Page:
It’s an approach that Campbell said she agrees with, but she added “it’s too early to say” how the city is leaning.
Matters are further complicated as separate conversations take place between the city and police on whether 9-1-1 should be taken out of Toronto police’s jurisdiction entirely and operated by an independent third party.
“Removing the responsibility for 9-1-1 from the police service is a complex discussion with legislative impacts,” police spokesperson Meaghan Gray said by email. “It needs to be considered thoughtfully with all options evaluated equally and community safety being the only acceptable measurable outcome.”
Consultations with Toronto police
Another crucial task on Campbell’s agenda is working with the police to define the crisis teams’ parameters, funding, and the triage process that determines who responds to what call.
Based on community consultations and recommendations to council, the city said its pilot teams will consist of crisis workers with training in mental health and de-escalation, who will respond to “non-emergency, non-violent” calls instead of police.
The pilot teams are estimated to cost $7.2 million to $7.9 million annually, the city said. But there was a request from council for staff to work with the police on a “potential reallocation of funds” from the police’s budget to ensure the costs of the pilot “will not result in a new financial burden” to Torontonians.
Police do have their own Mobile Crisis Intervention Team, which consists of trained police officers and crisis nurses who have typically responded to mental health crisis calls.
Gray said Toronto police are fully supporting the city with implementing the pilots, and both entities are working on issues like triage and funding.
“But there is not one right answer,” Gray added. She said that of the 33,000 crisis calls police respond to every year, officers made apprehensions in 36 per cent of the cases, “meaning the police were absolutely needed.” The police acknowledge that in many other cases, a community response would have been best suited.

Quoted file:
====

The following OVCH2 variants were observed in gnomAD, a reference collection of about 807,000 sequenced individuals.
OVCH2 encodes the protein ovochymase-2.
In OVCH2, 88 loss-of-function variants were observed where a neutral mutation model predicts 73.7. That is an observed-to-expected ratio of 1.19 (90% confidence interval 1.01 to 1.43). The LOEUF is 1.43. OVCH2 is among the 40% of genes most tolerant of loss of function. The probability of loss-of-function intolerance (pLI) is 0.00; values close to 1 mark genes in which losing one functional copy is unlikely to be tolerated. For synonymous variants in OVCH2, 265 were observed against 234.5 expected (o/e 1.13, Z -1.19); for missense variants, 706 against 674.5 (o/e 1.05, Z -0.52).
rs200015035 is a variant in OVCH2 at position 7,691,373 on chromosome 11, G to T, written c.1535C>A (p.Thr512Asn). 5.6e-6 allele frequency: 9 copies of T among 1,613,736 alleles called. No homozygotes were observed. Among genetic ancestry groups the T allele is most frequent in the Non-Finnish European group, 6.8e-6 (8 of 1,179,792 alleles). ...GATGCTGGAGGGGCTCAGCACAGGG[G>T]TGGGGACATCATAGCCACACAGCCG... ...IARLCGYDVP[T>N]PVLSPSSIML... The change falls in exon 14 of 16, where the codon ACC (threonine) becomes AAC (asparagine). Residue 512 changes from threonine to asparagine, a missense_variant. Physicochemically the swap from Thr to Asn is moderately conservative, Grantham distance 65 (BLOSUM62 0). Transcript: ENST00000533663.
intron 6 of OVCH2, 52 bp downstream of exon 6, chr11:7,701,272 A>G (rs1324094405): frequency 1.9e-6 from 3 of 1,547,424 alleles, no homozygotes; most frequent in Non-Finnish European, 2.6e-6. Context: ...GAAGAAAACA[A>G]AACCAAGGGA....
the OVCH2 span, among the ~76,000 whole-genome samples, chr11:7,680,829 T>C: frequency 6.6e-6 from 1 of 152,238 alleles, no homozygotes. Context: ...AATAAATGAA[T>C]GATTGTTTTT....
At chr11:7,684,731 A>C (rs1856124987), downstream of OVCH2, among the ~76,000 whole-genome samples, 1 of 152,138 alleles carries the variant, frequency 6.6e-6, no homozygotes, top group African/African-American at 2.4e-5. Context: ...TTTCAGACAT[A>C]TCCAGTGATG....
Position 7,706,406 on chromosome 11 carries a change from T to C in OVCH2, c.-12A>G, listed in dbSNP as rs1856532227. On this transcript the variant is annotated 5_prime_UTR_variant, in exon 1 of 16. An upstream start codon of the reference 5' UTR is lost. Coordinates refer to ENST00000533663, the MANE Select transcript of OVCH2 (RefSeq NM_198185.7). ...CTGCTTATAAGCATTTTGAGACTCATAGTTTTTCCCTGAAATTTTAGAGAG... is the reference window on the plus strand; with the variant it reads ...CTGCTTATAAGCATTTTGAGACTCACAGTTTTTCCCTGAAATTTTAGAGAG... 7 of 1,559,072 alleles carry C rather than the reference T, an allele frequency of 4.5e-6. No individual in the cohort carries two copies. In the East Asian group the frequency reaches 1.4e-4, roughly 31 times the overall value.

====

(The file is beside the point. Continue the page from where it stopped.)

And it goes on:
Gray said the police are also working with other partners and considering adding crisis workers to work alongside 9-1-1 call-takers to help with the response.
As for funding, Campbell knows the creation of the non-police pilots stemmed directly from mounting calls to defund the police in the aftermath of the death of George Floyd, a Black man killed at the hands of Minneapolis police last May. She added it is why the pilots continue to emphasize having a safe place for BIPOC communities (Black, Indigenous and People of Colour) to call.
As the alternative crisis response service grows, Campbell said police have to grapple with the idea that the funding may come directly from their budget. Gray said police are working on reallocating some resources, but “investments in policing should not come at the expense of other services.”
“The Toronto Police Service will continue to do the responsible thing and find ways of doing more with less,” Gray said. “However, we need to have conversations about whether less is too little.”
Tricky details remain, Campbell said. But the overall goal is for Torontonians to trust that both the city and police have ensured “the right people are trained to be able to take the call” when the service goes live in January.
‘Non-emergency’ versus ‘crisis’
Language has been a point of contention both for the city and for community members who have long worked toward launching a non-police crisis response service.